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3 Ways Contractors Can Become a Trusted Customer Resource

Posted by Shawn McCadden on Tue, May 06,2014 @ 06:00 AM

Ruth Ann Monti

 

Guest Blogger: Ruth Ann Monti is the founder of TimeStorm Communications, which provides original content, copywriting, social media and marketing services for entrepreneurs and small business. She lives with her son and two dogs in sunny Scottsdale, AZ.

 

3 Ways Contractors Can Become a Trusted Customer Resource

A recent survey by Planese found the home improvement and remodeling industry earned a customer service score of 4.5 out of 7 in 2013. Not bad, but it could be better. More worrying is our industry's score for meeting expectations, which is just 36 percent. Comparatively, banking scored 61 percent, which is pretty good for an industry that isn't exactly the most popular.

A little bit of work to understand what your customers or potential customers want and offering yourself as a good resource can help you improve your customer service outlook and give yourself a competitive advantage.


How contractors can become a trusted advisor

First, Understand Customer Expectations

Many customers turn to online resources to find out the things they should anticipate during their remodel; usually these sites warn about delays and unexpected problems during the remodel like unusual plumbing and wiring. Dust and noise are hard to control, but this is a great opportunity to exceed expectations by taking an extra step or two and providing a little what-to-expect education beforehand.

Exceeding customer expectations is a strategy entrepreneurs should embrace, whether they run an auto repair, medical practice or remodeling business. Richard Branson, found of Virgin Group, says this is why his business stands out from the competition. If you are about to bid on a project, he says, "deliberately move your customers' expectations up a few notches and consistently over-deliver on your promises"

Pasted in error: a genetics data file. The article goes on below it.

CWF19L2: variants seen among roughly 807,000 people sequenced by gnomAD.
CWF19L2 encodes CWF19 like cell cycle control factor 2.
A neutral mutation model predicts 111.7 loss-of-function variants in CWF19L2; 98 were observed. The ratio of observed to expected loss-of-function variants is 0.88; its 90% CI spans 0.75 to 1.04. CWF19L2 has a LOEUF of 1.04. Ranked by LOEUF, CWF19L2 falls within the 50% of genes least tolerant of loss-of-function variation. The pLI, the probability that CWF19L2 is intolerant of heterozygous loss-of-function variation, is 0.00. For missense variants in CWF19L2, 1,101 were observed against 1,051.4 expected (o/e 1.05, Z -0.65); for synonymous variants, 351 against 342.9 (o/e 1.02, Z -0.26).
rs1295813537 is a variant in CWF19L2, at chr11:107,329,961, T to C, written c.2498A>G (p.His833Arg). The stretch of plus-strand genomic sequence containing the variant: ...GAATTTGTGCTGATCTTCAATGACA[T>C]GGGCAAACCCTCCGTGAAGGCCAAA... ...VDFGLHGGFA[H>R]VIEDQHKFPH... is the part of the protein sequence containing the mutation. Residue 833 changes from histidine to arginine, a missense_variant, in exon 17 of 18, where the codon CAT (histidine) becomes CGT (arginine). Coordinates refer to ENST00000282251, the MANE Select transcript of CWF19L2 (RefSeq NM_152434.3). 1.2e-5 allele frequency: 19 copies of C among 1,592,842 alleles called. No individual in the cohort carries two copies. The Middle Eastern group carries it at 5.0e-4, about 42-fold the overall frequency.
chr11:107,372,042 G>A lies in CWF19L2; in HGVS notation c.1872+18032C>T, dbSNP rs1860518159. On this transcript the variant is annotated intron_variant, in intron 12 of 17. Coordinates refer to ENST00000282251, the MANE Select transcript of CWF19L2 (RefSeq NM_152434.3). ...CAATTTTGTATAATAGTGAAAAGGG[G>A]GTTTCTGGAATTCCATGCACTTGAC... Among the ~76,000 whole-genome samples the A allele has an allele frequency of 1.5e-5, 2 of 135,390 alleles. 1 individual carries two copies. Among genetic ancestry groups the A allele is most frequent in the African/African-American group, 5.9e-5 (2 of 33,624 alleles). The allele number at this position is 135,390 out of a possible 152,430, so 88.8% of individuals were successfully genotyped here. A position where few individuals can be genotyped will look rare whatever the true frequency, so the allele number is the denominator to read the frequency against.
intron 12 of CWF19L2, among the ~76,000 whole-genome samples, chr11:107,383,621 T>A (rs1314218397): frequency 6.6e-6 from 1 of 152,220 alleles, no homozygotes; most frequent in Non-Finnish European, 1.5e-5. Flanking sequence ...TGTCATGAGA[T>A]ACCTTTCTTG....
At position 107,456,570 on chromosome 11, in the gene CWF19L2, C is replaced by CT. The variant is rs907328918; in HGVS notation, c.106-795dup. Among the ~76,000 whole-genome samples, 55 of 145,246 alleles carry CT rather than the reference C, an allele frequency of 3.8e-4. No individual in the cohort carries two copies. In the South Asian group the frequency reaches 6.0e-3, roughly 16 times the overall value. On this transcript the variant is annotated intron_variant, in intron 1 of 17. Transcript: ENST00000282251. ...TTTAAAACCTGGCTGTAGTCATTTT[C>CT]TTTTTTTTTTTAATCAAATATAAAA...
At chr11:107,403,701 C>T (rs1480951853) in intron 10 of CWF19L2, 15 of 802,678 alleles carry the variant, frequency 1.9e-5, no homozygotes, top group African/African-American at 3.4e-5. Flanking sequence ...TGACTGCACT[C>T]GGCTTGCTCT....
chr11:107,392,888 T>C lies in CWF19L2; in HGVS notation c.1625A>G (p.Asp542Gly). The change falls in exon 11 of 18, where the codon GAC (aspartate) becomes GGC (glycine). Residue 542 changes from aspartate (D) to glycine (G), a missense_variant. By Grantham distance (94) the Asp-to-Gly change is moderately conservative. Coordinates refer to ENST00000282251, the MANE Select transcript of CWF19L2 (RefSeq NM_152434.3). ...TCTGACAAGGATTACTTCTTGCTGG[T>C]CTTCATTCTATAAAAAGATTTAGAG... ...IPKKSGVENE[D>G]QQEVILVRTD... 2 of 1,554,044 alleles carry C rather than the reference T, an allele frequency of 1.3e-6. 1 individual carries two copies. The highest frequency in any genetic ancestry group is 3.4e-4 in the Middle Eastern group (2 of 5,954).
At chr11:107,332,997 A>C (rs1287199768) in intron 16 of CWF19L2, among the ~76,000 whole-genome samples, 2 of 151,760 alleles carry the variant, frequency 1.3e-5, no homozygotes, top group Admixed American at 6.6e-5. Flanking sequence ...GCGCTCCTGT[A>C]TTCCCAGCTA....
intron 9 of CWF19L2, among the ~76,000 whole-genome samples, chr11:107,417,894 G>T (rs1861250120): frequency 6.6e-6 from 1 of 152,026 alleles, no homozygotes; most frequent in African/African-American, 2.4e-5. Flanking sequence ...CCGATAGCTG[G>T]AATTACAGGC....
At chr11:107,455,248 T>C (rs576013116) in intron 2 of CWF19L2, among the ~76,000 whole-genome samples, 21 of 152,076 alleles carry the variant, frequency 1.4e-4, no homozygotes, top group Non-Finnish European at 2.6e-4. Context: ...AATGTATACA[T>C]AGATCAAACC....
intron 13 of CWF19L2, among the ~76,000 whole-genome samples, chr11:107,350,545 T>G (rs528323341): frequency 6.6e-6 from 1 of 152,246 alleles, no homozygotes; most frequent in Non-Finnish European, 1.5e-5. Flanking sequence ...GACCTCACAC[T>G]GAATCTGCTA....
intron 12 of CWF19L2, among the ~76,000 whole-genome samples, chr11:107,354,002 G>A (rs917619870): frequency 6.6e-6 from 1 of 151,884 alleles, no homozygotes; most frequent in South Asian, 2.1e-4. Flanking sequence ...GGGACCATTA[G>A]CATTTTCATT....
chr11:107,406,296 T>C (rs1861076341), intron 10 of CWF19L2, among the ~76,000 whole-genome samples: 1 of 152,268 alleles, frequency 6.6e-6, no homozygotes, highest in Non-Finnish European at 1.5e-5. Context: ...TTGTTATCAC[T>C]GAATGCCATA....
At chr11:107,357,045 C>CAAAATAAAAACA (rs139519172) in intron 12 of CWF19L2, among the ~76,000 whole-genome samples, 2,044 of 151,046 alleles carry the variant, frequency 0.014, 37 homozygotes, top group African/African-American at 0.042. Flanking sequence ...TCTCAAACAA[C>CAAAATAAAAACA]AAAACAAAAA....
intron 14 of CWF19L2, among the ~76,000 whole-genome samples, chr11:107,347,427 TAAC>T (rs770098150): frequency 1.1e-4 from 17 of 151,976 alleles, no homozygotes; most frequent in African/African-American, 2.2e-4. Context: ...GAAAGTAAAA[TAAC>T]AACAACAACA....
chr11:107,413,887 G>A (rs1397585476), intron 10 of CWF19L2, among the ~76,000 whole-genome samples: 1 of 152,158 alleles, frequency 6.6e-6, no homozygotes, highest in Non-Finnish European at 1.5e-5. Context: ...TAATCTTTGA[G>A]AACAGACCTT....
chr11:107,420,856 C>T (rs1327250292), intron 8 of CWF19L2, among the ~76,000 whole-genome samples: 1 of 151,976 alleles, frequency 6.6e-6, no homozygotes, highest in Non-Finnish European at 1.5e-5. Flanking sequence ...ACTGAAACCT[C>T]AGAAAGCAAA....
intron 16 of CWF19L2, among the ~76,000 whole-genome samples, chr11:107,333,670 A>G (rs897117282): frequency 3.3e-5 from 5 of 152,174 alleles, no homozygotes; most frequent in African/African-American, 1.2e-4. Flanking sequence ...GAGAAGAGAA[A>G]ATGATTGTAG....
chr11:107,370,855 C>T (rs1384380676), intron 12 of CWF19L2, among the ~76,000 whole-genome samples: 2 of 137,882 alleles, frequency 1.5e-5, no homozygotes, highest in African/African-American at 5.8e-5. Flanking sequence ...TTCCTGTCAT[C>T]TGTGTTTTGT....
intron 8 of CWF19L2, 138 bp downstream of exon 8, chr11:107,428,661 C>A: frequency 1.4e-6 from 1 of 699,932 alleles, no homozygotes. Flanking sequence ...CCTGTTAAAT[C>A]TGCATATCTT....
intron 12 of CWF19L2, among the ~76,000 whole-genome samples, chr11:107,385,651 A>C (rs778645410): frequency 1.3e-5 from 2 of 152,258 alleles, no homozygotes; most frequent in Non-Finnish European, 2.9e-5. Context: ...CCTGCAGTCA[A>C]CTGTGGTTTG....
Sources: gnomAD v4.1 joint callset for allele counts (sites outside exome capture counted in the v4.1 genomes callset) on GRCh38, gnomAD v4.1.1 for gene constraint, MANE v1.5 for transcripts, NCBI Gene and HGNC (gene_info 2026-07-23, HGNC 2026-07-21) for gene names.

Use Your Proposal to Provide Customer Education

Begin offering customer education right from the start in your written proposal or estimate. Here are a few ideas about what to discuss that demonstrates your knowledge and experience and can help you shine:

  • Green remodelingTimeframe. It's difficult to nail this down but if you're considering a project similar to ones you've tackled in the past, provide a sample schedule. Note items that can slow things down or build in time to address them. There's nothing wrong with over-delivering by completing a project ahead of schedule because you foresaw potential problems that did not materialize.
  • Access to Specialized Equipment. Let customers know you have access to equipment that isn't part of the standard remodel kit. Provide links to specialized tools like lifts for second-story projects or insulation removal and installationExplain why they will or might be needed.
  • Discuss materials options. Customers want energy-efficient and environmentally friendly materials. Explain the differences between standard drywall and plaster, for example, and the different grades of insulation. Tell them about green materials you've worked with.

 

Don't Be Shy: Advertise Your Work

Remodeling Magazine Remodeling magazine urges contractors to advertise and enlist past customers for testimonials. Start by sending thank you notes for trusting you with their remodel and ask if they would send a review you can post on your website.

Speaking of: don't shy away from online review sites. Register with Google, Yahoo, Yelp and Angie's List, which is highly recommended for its popularity with consumers. In addition, by registering with these sites, you can respond to reviews and ensure that the information out there is accurate and complete.

 


Topics: Sales Considerations, Differentiating your Business, Guest Blogs, Building Relationships, Customer Relations